Let us face an awkward truth about the Credit Union Christmas Pageant.
If you had to go through the list of floats and mark them as brilliant or boring, I fear that most of us would have a selection destined straight for the latter.
I also have a sneaking suspicion a core group of floats would be on most people’s ‘boring’ lists and it has little to do with the floats themselves.
And that is the point of today’s post: the best floats in the pageant were actually the ones that were flanked by people putting energy and effort into their antics and who weren’t afraid to interact with the crowd.
In marketing, we call that engagement.
In sales, they call that the key to survival.
A parade of insight
As I shivered in the shadows of the Adelaide police station in Wakefield Street on Saturday morning, I had a field day watching people watching the annual pageant.
What struck me the most were the noticeable drops in crowd energy as certain floats went by.
Typically, kids got a bit restless and the aches and chills became more noticeable when the people parading past were lost in their own worlds or visibly showing signs of disinterest or discomfort.
What also struck me was how quickly those ills evaporated when a new set of performers came through who DID engage the audience.
Suddenly, hands waved and eyes were focussed on the parade.
I first noticed it when that bizarre combination of pandas and roos wandered past me.
Wang Wang, Funi, and the secret of engagement
Those quiet, slothful pandas who live a blissfully dormant life at Adelaide Zoo, feature in a float portraying an almost Salvador Dali-like beach scene of skewed waves, umbrellas and native fauna.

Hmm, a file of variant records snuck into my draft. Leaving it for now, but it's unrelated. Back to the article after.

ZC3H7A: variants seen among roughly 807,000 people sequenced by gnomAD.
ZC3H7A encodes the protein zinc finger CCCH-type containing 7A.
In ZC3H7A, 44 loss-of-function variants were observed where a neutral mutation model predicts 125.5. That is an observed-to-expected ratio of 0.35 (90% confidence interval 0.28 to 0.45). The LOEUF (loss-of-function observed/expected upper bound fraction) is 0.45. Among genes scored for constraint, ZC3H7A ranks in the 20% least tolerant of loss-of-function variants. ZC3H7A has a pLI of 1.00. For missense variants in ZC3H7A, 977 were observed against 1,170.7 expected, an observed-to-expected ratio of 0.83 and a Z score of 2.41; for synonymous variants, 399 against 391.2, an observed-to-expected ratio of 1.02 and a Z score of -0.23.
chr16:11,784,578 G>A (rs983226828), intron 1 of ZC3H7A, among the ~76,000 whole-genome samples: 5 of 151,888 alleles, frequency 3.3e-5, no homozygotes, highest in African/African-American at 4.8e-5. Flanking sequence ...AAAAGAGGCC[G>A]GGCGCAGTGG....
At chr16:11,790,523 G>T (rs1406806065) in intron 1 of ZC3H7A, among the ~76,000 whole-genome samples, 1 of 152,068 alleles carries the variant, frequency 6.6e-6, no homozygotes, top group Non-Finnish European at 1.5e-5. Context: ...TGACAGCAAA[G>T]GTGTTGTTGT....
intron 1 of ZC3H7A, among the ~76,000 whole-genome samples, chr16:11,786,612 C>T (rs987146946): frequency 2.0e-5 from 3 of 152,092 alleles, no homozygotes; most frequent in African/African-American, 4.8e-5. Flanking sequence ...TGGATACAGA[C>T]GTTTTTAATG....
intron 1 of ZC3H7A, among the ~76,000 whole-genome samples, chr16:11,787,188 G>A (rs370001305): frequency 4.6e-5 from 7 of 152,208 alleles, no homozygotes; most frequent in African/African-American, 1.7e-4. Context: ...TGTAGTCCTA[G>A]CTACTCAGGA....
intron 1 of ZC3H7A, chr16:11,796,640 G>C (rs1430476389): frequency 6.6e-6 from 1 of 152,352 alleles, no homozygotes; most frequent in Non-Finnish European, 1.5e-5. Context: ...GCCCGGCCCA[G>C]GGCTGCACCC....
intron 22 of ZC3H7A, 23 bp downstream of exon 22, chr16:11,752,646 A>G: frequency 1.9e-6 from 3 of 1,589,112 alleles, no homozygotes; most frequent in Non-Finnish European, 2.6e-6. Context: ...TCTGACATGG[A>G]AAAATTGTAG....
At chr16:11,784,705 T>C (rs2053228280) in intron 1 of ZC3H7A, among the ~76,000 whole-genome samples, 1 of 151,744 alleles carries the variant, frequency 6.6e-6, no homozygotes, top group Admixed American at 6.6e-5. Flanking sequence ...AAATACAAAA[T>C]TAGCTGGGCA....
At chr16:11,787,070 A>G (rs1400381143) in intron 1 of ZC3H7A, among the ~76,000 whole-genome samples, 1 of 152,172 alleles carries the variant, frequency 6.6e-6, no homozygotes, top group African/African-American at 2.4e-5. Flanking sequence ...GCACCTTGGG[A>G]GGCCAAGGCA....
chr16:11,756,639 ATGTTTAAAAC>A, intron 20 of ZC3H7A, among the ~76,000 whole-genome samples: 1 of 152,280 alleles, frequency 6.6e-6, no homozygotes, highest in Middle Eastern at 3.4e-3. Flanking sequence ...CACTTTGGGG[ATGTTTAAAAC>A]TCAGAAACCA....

I had noted it as odd last year upon my return to pageanting-as-a-parent but this year before I could dismiss it as underwhelming, my attention was grabbed by the ‘zoo keepers’ who were waving and smiling and delivering a burst of energy as they waltzed their Matildas alongside the strange scene.
It was then the coin dropped that it didn’t matter how bizarre I thought the float was, the human to human communication of interest, eye contact and energy transcended everything.
Suddenly it all make sense
I then noticed often how floats I had written off as quaint or tired could still carry their weight if the people around them carried theirs.
And so it is with our marketing communication and business systems.
It can be more important to be out their in the marketplace TODAY, than to be waiting or wishing for your packaging to be perfect or your office completely polished, for your website to be a prize winning piece of design or your brochures worthy of an art gallery.
Maybe it is more important to ‘just ship’, as the late Steve Jobs used to say, so that you are out there in the game while you finalise finer details as you progress?
It might also signal that even if you are not as light, bright and snazzy as the new kids on the block, as long as you truly engage with your marketplace (not just turn up, but actually engage), you can still make an impact.
The question to deeply ask yourself is how would people rate enaging with you and your team? Boring or briliant?